It has been way too exciting a day for a woman on no sleep. Well, not very much sleep. I went to bed at an acceptable Saturday-night-before-Sunday-morning-service-ring hour but . . . I have all these books on my bed. I get into bed and . . . and there are all these books. And they look at me. And they make little friendly murmuring noises. Last night I got involved in a quest for a remedy for an old homeopathic client* and this is research I love and that I don’t do as much of as I would like** and the . . . uh . . . hours fly by and . . . uh.***
So when the alarm went off something less than five hours after I turned the light off I was . . . not happy. Fell downstairs groaning and tipped about half a pound of strong black Indian tea into my teapot. Found clothes. Put them on.† Glug down tea strong enough to make my hair stand on end. Hellhounds, by the way, haven’t stirred. Why do you get up at this lunatic hour every seventh day? they say. Close the door after you quietly, okay?
Ran down hill and pelted along pavement in my usual Sunday-morning-and-I’m-late manner, praying that there are only five of us and one of them’s Cordelia.†† Aaugh. I’m the fifth and Leo and Cordelia haven’t arrived yet. And then it gets worse because Edward and Alex show up after Leo and Cordelia. Which means the crucial eight method ringers. Grandsire Triples! shouts Niall jubilantly.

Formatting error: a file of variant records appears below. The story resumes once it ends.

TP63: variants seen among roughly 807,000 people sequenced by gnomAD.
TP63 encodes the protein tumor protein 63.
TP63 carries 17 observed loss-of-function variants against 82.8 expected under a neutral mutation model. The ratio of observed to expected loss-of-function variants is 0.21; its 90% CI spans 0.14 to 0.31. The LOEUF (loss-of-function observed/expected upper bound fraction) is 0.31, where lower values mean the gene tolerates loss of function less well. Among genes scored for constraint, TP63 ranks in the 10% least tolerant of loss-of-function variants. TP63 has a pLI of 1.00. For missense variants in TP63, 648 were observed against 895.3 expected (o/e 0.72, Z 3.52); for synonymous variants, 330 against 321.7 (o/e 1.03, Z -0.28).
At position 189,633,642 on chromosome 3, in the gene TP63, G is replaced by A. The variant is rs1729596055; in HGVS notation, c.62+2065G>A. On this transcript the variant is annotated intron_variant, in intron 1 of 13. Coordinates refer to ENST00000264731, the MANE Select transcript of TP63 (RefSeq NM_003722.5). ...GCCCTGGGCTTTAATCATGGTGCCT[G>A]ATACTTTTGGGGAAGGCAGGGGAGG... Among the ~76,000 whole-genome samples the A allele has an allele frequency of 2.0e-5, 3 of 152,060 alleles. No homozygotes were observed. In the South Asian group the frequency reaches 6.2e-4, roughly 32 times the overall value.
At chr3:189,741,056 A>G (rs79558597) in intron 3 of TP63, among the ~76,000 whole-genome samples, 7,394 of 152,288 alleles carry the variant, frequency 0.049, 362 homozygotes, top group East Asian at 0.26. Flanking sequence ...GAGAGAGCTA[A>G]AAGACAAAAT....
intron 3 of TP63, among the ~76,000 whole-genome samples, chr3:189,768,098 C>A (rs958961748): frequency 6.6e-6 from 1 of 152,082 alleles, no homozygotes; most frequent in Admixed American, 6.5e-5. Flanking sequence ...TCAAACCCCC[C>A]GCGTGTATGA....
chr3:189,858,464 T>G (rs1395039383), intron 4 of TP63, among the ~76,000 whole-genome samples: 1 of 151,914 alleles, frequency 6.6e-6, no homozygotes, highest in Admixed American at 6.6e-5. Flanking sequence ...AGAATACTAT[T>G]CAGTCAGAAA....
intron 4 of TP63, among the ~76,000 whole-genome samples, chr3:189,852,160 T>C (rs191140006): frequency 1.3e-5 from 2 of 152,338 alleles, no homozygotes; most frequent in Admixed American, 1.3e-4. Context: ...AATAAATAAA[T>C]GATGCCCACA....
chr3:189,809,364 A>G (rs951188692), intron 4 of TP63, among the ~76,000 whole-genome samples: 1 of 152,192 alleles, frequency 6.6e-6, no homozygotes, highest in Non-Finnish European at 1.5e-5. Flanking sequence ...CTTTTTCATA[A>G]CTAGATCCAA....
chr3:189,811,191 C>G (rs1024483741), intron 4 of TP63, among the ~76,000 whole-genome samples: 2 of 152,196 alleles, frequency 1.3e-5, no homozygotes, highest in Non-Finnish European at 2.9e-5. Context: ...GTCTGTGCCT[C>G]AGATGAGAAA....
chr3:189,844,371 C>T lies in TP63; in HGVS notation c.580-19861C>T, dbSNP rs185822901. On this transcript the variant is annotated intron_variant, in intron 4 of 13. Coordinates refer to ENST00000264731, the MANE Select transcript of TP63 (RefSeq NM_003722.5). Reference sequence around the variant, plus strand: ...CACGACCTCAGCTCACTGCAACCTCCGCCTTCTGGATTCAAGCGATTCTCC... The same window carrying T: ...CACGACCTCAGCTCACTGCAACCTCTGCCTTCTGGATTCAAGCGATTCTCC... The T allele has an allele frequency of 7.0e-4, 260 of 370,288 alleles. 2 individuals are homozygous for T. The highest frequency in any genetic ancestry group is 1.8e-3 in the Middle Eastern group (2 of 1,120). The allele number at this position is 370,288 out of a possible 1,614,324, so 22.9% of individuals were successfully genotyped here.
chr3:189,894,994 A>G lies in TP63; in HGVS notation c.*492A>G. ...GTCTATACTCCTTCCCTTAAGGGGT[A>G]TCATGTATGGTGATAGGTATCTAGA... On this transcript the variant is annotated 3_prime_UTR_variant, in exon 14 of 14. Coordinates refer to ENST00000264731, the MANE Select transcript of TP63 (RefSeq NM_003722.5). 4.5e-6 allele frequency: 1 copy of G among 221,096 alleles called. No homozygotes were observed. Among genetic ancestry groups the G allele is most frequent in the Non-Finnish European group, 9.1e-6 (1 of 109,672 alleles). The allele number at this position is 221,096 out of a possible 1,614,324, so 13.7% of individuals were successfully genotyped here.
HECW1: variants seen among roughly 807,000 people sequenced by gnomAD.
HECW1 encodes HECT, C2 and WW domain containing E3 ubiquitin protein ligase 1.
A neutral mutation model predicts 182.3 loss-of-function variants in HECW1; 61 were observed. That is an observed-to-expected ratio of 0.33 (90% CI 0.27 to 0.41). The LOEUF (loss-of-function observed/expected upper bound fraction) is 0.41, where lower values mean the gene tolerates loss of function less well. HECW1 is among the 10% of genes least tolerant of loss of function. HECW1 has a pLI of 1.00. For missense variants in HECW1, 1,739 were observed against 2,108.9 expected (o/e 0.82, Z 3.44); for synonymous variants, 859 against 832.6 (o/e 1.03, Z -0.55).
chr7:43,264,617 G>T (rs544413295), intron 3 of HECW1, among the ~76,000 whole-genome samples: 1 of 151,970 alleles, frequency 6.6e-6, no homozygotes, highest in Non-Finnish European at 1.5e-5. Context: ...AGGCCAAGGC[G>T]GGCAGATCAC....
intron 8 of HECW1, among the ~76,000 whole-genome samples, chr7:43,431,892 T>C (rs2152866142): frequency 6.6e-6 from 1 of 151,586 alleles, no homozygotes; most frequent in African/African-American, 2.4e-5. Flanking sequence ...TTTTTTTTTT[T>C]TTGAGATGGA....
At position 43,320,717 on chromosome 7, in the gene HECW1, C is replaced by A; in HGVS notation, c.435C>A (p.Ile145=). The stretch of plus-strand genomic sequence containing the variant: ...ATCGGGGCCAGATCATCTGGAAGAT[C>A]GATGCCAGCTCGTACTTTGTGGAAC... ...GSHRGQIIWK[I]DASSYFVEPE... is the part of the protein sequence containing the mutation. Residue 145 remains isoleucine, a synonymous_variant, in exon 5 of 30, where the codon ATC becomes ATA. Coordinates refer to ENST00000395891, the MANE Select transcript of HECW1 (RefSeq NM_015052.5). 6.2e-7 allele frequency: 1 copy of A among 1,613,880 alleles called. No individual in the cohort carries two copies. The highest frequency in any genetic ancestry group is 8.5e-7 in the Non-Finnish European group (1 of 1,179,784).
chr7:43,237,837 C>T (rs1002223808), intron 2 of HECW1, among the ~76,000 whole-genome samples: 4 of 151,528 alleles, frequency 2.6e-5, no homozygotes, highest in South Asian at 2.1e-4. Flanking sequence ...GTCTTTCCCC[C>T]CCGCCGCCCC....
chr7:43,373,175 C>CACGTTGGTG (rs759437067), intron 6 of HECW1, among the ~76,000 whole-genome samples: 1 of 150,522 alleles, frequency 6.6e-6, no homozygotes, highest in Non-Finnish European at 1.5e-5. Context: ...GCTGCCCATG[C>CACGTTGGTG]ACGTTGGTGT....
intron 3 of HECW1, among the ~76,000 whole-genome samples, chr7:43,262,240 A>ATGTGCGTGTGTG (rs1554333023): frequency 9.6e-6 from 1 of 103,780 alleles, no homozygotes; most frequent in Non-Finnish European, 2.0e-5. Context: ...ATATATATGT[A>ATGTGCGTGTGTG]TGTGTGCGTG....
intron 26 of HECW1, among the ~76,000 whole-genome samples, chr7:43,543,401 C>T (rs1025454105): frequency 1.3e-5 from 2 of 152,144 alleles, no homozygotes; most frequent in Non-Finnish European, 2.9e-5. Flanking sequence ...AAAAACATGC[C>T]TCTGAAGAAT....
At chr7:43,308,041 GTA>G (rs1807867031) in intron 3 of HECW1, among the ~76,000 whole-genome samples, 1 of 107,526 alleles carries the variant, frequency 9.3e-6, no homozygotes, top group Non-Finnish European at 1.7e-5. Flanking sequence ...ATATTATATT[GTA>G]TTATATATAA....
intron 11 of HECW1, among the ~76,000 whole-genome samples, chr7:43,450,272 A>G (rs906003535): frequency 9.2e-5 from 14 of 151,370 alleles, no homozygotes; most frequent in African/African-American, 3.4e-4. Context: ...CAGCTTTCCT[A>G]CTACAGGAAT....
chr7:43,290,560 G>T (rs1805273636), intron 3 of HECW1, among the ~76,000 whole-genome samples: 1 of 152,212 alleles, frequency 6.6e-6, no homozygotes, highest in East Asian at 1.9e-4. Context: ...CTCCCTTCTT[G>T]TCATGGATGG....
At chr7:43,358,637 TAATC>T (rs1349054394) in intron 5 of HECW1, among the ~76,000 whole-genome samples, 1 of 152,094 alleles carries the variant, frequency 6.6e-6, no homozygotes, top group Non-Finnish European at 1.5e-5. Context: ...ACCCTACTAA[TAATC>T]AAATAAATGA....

Leo sprints for the tenor. Penelope sprints for the treble.
Which leaves me ringing inside.
Obviously I wouldn’t be setting you up like this if it had all been a big ugly smash. Anybody who has learnt—especially painfully, talent-free-ly learnt—a demanding skill which requires sinew-popping on both the physical and the mental levels, knows the way the process goes in jerks, lurches and gridlock. I’m just coming out of a gridlock period—partly caused by PEGASUS, partly caused by not having enough of the right people showing up for practise, partly caused by incurable native stupidity†††. A week ago I didn’t know I was coming out; a fortnight ago I made a mess of Grandsire doubles which I ought to be able to ring in my frelling sleep‡ and the following Wednesday practise it took most of the evening for me to start getting it back again. Anguish. Despair. Last Wednesday week tiddlywinks was looking like a really good alternative obsession.‡‡